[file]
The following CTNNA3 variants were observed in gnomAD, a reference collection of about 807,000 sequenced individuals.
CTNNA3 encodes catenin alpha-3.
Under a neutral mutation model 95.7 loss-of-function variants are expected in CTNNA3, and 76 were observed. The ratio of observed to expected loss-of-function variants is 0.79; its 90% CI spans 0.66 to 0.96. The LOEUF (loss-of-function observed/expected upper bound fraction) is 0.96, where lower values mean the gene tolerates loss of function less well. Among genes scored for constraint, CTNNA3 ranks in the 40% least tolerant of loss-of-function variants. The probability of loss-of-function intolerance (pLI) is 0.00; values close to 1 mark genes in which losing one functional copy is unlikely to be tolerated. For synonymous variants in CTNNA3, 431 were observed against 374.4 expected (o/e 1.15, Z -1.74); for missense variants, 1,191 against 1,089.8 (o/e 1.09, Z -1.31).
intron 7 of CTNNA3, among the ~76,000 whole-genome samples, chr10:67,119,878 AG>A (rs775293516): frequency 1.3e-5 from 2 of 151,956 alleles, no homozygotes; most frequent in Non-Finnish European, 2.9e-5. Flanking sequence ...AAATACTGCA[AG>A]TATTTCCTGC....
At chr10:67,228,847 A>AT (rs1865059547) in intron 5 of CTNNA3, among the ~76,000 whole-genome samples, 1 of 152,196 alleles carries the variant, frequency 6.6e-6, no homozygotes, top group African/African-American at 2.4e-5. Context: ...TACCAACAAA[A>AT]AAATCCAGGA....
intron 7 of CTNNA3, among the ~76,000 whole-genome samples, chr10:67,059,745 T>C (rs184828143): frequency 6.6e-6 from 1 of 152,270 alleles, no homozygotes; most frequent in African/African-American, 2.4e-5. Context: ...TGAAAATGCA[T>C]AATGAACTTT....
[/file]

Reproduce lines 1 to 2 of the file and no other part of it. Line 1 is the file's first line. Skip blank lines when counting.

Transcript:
The following CTNNA3 variants were observed in gnomAD, a reference collection of about 807,000 sequenced individuals.
CTNNA3 encodes catenin alpha-3.